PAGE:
American plans to build outer space defense systems are likely to disturb Western European nations that have depended on nuclear weapons to deter a Soviet conventional attack for the past four decades, the departing French ambassador to the United States believes.
"We Europeans do not believe in conventional deterrence," Bernard Vernier-Palliez said in an interview marking the end of a three-year tour as France's ambassdor here. "Twenty centuries of history have taught us that conventional deterrence does not work . . . . It would be very dangerous if this country lost its belief in nuclear deterrence."
Vernier-Palliez's comments, made in response to a question concerning signficant problems that may crop up in the near future between the United States and Europe, placed on the record what had been a deepening but private European concern about the Reagan administation's still tentative "Star Wars" proposal for a space-based system that would intercept and destroy Soviet nuclear weapons.
The effect of such a system, European officials fear, would be to establish a defensive umbrella over the United States and eliminate any likelihood that the United States would respond with nuclear weapons to a conventional assault on Western Europe by Warsaw Pact forces. It would also greatly reduce the effectiveness of the British and French nuclear arsenals, in this view.
Despite the concern about the future of U.S. nuclear policy, the 66-year-old French businessman-turned-diplomat gave the Reagan administration comparatively high marks for its foreign policy accomplishments, saying at one point that "French-American relations have never been better in decades."
Such a judgment was hardly predictable when Mitterrand named Vernier-Palliez to represent his Socialist government in Washington after the Socialists' 1981 victory over the center-right parties that had led France since 1958.
The ambassador, who had been head of France's Renault automobile firm and who had visited the United States frequently to oversee Renault's investment in American Motors Corp., suggested in the interview that he had initially shared some of the questions that Reagan administration officials voiced in the wake of the leftist victory in France.
"After all, I was not a Socialist. I was not involved in politics, and most of my friends were not Socialists . . . so I asked for definitions, and commitments, on what the foreign policy would be, and I was satisfied. And the commitments have been kept."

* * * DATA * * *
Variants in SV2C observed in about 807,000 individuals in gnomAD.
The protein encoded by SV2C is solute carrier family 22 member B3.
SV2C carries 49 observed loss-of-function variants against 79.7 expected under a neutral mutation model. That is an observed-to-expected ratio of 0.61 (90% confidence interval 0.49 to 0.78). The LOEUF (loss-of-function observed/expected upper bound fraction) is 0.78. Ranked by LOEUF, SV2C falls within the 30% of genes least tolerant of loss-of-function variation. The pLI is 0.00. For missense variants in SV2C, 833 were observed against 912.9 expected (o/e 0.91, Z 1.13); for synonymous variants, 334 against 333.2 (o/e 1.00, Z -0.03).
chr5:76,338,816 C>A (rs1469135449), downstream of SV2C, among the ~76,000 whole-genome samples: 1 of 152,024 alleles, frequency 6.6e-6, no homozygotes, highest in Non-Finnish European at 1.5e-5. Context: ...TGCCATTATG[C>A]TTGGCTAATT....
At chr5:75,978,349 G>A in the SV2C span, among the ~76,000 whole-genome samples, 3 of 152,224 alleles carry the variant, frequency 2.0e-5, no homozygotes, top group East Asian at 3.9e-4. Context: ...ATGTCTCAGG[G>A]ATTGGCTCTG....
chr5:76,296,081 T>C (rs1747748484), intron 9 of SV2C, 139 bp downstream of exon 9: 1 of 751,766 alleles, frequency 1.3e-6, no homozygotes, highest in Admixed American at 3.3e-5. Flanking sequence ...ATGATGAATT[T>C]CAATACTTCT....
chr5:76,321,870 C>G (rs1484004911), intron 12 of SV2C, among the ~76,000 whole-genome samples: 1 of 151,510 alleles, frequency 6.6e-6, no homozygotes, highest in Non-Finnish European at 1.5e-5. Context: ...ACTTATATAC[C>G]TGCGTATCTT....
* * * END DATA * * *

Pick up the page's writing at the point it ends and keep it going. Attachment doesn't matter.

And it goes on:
Mitterrand's early decisions to carry out pledges to nationalize some of France's major industries and to include four Communists in his Cabinet upset Washington at first. But relations quickly stabilized and then improved dramatically after Mitterrand voiced strong support for the Reagan administration's nuclear rearmament program.
"In such a situation, you must be honest. You must interpret the United States to people back home, and explain France to this country, and you must explain the bright points and bad points when the time comes. But mostly you must explain 'why.' That is what we have done over the past three years, and I must say that French-American relations have never been better in decades," Vernier-Palliez said.
He leaves Washington with a very different idea of the United States than he had formed during his career at Renault. Traveling with his wife as ordinary tourists across the United States, Vernier-Palliez has taken his summer vacations here rather than at home, and, he said, discovered "Main Street" in the process.
He was impressed by the openness of American citizens, but also concerned about his finding that "on the whole, the United States is very little aware of the impact of its economy on the world economy. This year, the United States is likely to have an $80 billion balance-of-payments deficit following a $45 billion deficit last year, and below the expert level nobody worries, because nothing happens" outwardly to the economy.
"The United States faces virtually no constraints, like those faced by a country like France, on its economy," he continued. "The United States position is thus much more comfortable. But it is also more dangerous, because constraints operate as safeguards."
He praised the "entreprenreurial spirit" that had helped bring the United States out of a crisis of pessimism at the beginning of his tour.
"What France can take as a lesson is this entrepreneurial spirit, and the flexibility of this economy. Here you have the right to fail. In France,. . .if you went bankrupt, you dishonored not only yourself but your sons and your grandsons. So we were not allowed the right to . . . fail."
Vernier-Palliez introduced his reservations about the outlines of the Reagan administration's Strategic Defense Initiative, popularly known as Star Wars, by noting that on nuclear matters up until now, Paris and Washington "have seen eye to eye."
He then voiced his concern about any steps that would weaken belief in nuclear deterrence. "Heads of state are much more cautious if there is any risk of nuclear escalation of conflict . . . All the French people believe in their own defense, and whether you like or not, nuclear defense has been effective. It would be very dangerous if the United States lost its belief in nuclear deterrence. A defensive system that would make offensive systems useless, as has been suggested, is something that would concern us."